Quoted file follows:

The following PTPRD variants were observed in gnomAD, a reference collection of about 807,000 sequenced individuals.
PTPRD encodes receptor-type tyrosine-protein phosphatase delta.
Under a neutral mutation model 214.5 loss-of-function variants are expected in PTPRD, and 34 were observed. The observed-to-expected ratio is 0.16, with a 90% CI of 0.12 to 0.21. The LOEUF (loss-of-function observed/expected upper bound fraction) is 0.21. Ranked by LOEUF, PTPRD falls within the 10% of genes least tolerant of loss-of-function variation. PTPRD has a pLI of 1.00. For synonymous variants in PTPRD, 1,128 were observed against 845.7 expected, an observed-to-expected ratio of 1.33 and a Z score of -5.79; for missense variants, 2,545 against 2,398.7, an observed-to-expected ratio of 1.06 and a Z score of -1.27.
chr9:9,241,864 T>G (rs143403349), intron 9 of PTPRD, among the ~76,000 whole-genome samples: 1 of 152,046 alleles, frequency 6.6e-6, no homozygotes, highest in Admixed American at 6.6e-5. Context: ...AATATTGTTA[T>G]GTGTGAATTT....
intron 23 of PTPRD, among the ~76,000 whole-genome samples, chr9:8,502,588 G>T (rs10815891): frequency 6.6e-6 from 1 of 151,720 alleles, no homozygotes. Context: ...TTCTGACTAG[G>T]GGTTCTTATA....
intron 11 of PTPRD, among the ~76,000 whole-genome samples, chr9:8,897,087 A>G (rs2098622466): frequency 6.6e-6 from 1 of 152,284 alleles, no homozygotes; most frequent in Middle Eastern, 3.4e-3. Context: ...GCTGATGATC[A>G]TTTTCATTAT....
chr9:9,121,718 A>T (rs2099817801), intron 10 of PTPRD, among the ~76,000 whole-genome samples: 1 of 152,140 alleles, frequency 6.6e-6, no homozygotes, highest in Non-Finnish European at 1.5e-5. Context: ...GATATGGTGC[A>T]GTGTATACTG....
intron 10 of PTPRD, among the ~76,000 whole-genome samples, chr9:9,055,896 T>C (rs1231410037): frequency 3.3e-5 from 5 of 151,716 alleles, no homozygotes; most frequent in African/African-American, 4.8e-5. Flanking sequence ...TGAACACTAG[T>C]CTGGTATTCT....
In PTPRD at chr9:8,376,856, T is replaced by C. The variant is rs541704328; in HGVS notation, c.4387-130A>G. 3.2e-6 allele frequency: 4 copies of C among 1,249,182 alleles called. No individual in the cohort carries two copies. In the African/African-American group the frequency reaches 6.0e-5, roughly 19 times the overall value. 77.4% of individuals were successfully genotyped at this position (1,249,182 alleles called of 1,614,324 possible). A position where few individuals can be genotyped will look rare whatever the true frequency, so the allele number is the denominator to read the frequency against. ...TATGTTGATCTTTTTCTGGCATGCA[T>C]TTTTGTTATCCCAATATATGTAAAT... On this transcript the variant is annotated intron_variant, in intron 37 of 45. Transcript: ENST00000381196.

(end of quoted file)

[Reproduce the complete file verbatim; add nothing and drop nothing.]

The following PTPRD variants were observed in gnomAD, a reference collection of about 807,000 sequenced individuals.
PTPRD encodes receptor-type tyrosine-protein phosphatase delta.
Under a neutral mutation model 214.5 loss-of-function variants are expected in PTPRD, and 34 were observed. The observed-to-expected ratio is 0.16, with a 90% CI of 0.12 to 0.21. The LOEUF (loss-of-function observed/expected upper bound fraction) is 0.21. Ranked by LOEUF, PTPRD falls within the 10% of genes least tolerant of loss-of-function variation. PTPRD has a pLI of 1.00. For synonymous variants in PTPRD, 1,128 were observed against 845.7 expected, an observed-to-expected ratio of 1.33 and a Z score of -5.79; for missense variants, 2,545 against 2,398.7, an observed-to-expected ratio of 1.06 and a Z score of -1.27.
chr9:9,241,864 T>G (rs143403349), intron 9 of PTPRD, among the ~76,000 whole-genome samples: 1 of 152,046 alleles, frequency 6.6e-6, no homozygotes, highest in Admixed American at 6.6e-5. Context: ...AATATTGTTA[T>G]GTGTGAATTT....
intron 23 of PTPRD, among the ~76,000 whole-genome samples, chr9:8,502,588 G>T (rs10815891): frequency 6.6e-6 from 1 of 151,720 alleles, no homozygotes. Context: ...TTCTGACTAG[G>T]GGTTCTTATA....
intron 11 of PTPRD, among the ~76,000 whole-genome samples, chr9:8,897,087 A>G (rs2098622466): frequency 6.6e-6 from 1 of 152,284 alleles, no homozygotes; most frequent in Middle Eastern, 3.4e-3. Context: ...GCTGATGATC[A>G]TTTTCATTAT....
chr9:9,121,718 A>T (rs2099817801), intron 10 of PTPRD, among the ~76,000 whole-genome samples: 1 of 152,140 alleles, frequency 6.6e-6, no homozygotes, highest in Non-Finnish European at 1.5e-5. Context: ...GATATGGTGC[A>T]GTGTATACTG....
intron 10 of PTPRD, among the ~76,000 whole-genome samples, chr9:9,055,896 T>C (rs1231410037): frequency 3.3e-5 from 5 of 151,716 alleles, no homozygotes; most frequent in African/African-American, 4.8e-5. Flanking sequence ...TGAACACTAG[T>C]CTGGTATTCT....
In PTPRD at chr9:8,376,856, T is replaced by C. The variant is rs541704328; in HGVS notation, c.4387-130A>G. 3.2e-6 allele frequency: 4 copies of C among 1,249,182 alleles called. No individual in the cohort carries two copies. In the African/African-American group the frequency reaches 6.0e-5, roughly 19 times the overall value. 77.4% of individuals were successfully genotyped at this position (1,249,182 alleles called of 1,614,324 possible). A position where few individuals can be genotyped will look rare whatever the true frequency, so the allele number is the denominator to read the frequency against. ...TATGTTGATCTTTTTCTGGCATGCA[T>C]TTTTGTTATCCCAATATATGTAAAT... On this transcript the variant is annotated intron_variant, in intron 37 of 45. Transcript: ENST00000381196.